Listen to women from across the Administration tell the stories of their personal heroes across the fields of science, technology, engineering, and math (STEM). Presented by The White House’s STEM program.
Because of Katrin Puetz, German scientist, along with Yodit Balcha of Ethiopia and Mariela Pino of Chili, women and children won’t have to carry heavy loads of firewood anymore; they can carry lightweight biogas in a backpack. Learn more about their project.
Mercando is CEO of Ringly, a smart-ring accessory. Learn more about her and her product at Ringly.
Listen to girls and women working with code at Google’s Made With Code site. If girls are inspired to see that Computer Science can make the world more beautiful, more usable, more safe, more kind, more innovative, more healthy, and more funny then hopefully they will begin to contribute their essential voices. As parents, teachers, organizations, and companies we’re making it our mission to creatively engage girls with code.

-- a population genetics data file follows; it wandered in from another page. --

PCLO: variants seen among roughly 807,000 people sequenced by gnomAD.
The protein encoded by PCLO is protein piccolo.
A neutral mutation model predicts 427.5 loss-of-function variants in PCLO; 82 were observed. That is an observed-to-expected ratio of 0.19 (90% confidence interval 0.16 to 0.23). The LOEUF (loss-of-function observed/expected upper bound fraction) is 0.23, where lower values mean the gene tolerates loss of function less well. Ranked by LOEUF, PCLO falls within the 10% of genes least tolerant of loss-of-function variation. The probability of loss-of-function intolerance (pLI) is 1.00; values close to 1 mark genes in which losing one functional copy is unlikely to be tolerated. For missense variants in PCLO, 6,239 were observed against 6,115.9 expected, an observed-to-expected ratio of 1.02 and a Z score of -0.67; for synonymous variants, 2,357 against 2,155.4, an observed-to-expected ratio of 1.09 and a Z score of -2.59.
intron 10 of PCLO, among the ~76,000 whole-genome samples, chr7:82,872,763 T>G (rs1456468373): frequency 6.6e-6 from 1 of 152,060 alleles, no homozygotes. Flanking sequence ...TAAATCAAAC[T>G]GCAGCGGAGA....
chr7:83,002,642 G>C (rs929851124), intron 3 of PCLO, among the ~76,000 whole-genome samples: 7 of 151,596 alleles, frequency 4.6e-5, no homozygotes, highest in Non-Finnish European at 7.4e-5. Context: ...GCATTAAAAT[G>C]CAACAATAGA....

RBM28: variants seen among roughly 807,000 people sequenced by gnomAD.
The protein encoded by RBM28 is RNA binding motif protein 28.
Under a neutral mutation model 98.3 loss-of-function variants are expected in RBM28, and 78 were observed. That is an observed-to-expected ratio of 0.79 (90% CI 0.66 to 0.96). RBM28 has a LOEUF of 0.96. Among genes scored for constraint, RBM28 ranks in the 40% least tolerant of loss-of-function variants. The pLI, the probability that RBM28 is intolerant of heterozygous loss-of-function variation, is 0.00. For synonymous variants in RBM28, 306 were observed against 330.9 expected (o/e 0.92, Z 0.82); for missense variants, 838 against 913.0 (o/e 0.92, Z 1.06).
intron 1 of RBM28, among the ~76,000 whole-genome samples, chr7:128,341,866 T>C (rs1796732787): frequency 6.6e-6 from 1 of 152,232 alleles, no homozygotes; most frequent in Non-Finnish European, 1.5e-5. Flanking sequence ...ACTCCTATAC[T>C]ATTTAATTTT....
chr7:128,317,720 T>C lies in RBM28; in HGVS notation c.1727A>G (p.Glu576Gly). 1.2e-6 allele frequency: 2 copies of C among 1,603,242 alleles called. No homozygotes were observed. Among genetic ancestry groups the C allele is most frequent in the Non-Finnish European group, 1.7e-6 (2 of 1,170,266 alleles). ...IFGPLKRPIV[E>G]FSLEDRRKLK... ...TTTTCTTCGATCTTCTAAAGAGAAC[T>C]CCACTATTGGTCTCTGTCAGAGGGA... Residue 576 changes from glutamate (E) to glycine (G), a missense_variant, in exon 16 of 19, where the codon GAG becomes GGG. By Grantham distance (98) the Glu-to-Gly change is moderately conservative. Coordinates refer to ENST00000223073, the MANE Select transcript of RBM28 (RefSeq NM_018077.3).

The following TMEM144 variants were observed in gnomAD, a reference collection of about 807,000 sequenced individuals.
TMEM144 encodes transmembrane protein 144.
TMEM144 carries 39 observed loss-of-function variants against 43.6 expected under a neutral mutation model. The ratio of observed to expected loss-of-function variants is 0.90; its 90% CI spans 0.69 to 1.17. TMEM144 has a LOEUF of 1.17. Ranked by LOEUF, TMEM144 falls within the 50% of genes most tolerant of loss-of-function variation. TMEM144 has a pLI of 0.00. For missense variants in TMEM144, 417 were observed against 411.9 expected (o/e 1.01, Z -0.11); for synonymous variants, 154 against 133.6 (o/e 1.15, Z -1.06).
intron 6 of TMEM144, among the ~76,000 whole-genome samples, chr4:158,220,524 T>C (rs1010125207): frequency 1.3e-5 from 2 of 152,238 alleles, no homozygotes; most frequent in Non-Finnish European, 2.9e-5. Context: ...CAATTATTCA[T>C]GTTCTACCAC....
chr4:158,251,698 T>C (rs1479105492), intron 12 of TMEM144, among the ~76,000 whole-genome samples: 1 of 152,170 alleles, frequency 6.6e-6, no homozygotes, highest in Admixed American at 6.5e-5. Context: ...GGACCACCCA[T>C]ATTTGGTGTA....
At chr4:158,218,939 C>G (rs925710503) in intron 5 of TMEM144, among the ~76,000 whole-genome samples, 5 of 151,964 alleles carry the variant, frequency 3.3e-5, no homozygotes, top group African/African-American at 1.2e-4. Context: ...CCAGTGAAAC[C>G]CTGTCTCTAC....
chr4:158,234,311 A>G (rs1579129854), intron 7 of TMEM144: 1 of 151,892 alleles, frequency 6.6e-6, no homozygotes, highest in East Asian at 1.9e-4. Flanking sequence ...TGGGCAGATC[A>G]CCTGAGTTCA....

Bartik was hired as one of the original six programmers of ENIAC, the first all-electronic, programmable computer. She joined Frances “Betty” Snyder Holberton, Kathleen McNulty Mauchly Antonelli, Marlyn Wescoff Meltzer, Ruth Lichterman Teitelbaum and Frances Bilas Spence on this unknown journey. © 2011 Computer History Museum. Girl Power Night. Read more from Walter Isaacson on The Women of ENIAC.
Yoon is a Korean-American sound artist who “explores the connection of sound to the subliminal.” Her instruments of choice range from the human voice and ancient Tibetan singing bowls to walkie talkies and kitchenware and her past theatrical productions include a musical adaptation of Haruki Murakami’s “The Wind Up Bird Chronicle.” © 2013 Bora Yoon.
Pamela Z is a San Francisco-based “electrodiva” working with experimental extended vocal techniques, operatic bel canto, found objects, text, and sampled sounds. © TED.
National Geographic Explorer-in-Residence Sylvia Earle recalls her fascinating encounter with a humpback whale. © National Geographic 2014.
Oregon State University’s Margaret Burnett, Professor of Electrical Engineering and Computer Science has been a pioneer of women in Computer Science since she started her career in 1971. © Daily Edventures 2013.
Read more about her expertise on her OSU Profile page.